Thursday, July 10, 2008
DiFiore Slips Through Their Fingers
Says “I was told that we were not going to speak about specific cases.”
Saturday, June 28, there was a meeting, a community gathering at the Mount Vernon Grace Baptist Church, attended by some 250 individuals, mostly Mount Vernon residents, including approximately ten city clergymen and an equal number of African-American police of-ficers. The gathering was understood, by nearly everyone in attendance, as an opportunity, after five months, for the community,
and specifically, those such as Rev. W. Franklyn Richardson, Rev. Al Sharpton, and Rev. Darin Moore, who have been working closely with the family of the late Christopher Ridley, to fi-nally get some straight answers to a host of questions.
Rev. Moore opened the session with a quick anecdote about a woman living in Harlem, “who fears the police, but is glad they are right down the street.” He went on to say, “The woman has a polemic”; adding, “My Grandma called it being between a rock and a hard place.” On that note, Rev. Sharpton, acknowledging that a grand jury had looked at the killing of Christopher Ridley, declared, “The case, in our opinion, has not been resolved.” Then, looking toward those who had come seeking the truth, he said, “Police cannot be above the law; we all must be held
accountable. We need accountability, legislation, and the truth.”
Next it was Rev. Richardson’s turn to define the purpose of the gathering, an event he had promised would occur as he stood in the rain, months earlier, at the spot on Court Street in White Plains where young Mount Vernon Police Officer Christopher Ridley had lost his life trying to save an innocent middle-aged man under brutal attack by a homeless, criminal vagrant.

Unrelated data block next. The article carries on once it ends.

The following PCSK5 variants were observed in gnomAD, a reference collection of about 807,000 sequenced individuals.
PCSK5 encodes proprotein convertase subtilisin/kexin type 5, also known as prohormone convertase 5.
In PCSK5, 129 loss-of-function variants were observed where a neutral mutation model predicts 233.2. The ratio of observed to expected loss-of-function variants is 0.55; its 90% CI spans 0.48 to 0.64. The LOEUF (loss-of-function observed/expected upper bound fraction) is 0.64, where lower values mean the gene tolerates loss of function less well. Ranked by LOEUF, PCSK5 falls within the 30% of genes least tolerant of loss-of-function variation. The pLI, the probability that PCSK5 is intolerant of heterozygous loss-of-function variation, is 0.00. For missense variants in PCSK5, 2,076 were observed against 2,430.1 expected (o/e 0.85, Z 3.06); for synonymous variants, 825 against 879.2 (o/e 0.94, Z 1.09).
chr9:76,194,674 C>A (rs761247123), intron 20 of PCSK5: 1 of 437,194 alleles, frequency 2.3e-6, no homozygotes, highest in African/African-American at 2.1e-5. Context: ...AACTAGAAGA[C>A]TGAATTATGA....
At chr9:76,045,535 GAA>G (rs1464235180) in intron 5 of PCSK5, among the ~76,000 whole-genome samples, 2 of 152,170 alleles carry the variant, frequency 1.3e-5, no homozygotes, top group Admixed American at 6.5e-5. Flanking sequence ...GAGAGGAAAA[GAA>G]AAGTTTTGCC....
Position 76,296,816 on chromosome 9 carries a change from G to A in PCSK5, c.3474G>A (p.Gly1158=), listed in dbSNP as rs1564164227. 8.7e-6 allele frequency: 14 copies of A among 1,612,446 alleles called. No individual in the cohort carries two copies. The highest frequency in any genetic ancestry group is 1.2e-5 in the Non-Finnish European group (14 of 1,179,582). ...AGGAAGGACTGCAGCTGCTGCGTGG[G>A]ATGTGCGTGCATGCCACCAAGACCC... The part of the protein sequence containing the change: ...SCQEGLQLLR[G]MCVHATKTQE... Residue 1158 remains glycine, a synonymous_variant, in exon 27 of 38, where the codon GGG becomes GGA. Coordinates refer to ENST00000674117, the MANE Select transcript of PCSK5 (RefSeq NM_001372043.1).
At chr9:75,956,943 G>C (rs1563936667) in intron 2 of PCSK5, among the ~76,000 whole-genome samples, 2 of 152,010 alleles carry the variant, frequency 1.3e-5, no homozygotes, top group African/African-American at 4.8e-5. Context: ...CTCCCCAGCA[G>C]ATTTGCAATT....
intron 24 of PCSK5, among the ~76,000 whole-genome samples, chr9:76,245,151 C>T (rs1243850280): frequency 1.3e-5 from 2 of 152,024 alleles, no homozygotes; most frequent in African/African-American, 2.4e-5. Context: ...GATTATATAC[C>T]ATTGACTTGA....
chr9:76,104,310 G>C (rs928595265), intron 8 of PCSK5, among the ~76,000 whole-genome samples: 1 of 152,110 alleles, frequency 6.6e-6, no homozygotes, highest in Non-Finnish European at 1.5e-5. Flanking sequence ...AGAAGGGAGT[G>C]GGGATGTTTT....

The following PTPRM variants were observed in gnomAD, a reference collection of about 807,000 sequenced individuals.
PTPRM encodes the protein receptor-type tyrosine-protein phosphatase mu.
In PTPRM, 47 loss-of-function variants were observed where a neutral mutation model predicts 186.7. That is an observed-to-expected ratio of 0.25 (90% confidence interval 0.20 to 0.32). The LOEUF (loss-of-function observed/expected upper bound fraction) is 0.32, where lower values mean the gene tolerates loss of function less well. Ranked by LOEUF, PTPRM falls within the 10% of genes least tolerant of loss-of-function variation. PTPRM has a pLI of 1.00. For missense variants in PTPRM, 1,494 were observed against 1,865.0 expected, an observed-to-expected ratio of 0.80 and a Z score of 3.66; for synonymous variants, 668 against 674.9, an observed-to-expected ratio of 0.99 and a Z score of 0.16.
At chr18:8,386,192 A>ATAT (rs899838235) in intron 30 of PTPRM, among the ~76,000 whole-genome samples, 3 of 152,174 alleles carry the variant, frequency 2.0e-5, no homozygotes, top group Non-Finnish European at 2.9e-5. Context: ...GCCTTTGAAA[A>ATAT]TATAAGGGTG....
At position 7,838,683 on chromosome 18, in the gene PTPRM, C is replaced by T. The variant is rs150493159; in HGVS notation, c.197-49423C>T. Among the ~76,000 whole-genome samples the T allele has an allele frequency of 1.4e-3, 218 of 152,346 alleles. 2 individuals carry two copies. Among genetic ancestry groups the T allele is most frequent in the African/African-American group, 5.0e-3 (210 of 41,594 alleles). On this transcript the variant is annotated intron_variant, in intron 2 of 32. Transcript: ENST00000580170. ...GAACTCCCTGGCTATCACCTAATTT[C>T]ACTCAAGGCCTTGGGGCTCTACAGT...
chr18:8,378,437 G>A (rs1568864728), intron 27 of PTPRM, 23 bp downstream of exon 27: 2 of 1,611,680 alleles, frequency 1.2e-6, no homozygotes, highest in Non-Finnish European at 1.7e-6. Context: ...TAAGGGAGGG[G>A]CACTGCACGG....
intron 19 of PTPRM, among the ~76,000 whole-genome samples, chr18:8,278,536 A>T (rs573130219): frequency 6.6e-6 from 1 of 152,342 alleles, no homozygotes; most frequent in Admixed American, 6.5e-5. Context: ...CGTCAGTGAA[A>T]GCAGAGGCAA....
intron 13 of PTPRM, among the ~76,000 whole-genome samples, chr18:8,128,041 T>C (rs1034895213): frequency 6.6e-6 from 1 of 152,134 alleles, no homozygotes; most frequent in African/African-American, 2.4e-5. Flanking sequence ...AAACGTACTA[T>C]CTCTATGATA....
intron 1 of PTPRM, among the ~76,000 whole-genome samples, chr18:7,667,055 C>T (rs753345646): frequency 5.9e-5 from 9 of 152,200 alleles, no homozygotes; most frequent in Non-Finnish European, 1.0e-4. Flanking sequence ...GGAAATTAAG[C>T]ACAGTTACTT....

Standing before the People, he told the officials seated on stage, speaking directly to DA Janet DiFiore, “First and foremost, we want answers.” He went on, “We know the issue is law enforcement and community relations.”
Andy Spano, riding shotgun for Janet DiFiore, got up to address the crowd, telling them, “There’s a concern out of the community that we hear. We’ve got to come out of here with one thing that could make a difference.”
Spano was trying to shift the focus of the proceedings from fact-finding, and learning of the truth, to suggesting preventative measures.
But Rev. Richardson came back with, “The DA’s Office has played a critical role in what we perceive was wrong in what happened in the
Christopher Ridley incident.” Janet DiFiore, looking very uncomfortable, said, “Rev. Richardson told me a lack of understanding builds suspicion.”
Then, she began to duck and dodge, telling everyone, “There are limitations upon what the District Attorney’s Office can do.” Her
next comment was a whopper: “My commitment to fairness has no boundary.”
At that point, the discussion shift-ed. Note paper had been distributed to the audience so that questions could be written out and passed up to the table consisting of Revs. Moore, Sharpton and Richardson, as well as State Senator Ruth Hassell-Thompson. The issue of what percentage of African-Ameri-can cops were serving in the Mount Vernon, New Rochelle, and Yonkers Police Departments was raised.
Mount Vernon Police Commissioner David Chong acknowledged, “We are only at 24 percent. We try hard to hire Mount Vernon people first.” Rev. Sharpton, injecting a little sardonic wit, asked Chong, “Did you invite the White officers here today?” Newly-appointed Mount
Vernon Police Chief Barbara Duncan, seated way in the back of the chapel, stood up in response.
A number of comments followed that acknowledged the struggle to get more African-Americans to join their local police departments. Richardson summarized with, “If the People are not passing the tests, then we have to help them.” Senator Hassell-Thompson then read a question, directed to DA DiFiore, that referred to the Grand Jury process, which she concluded with her own direct statement, “You control the information the Grand Jury gets.”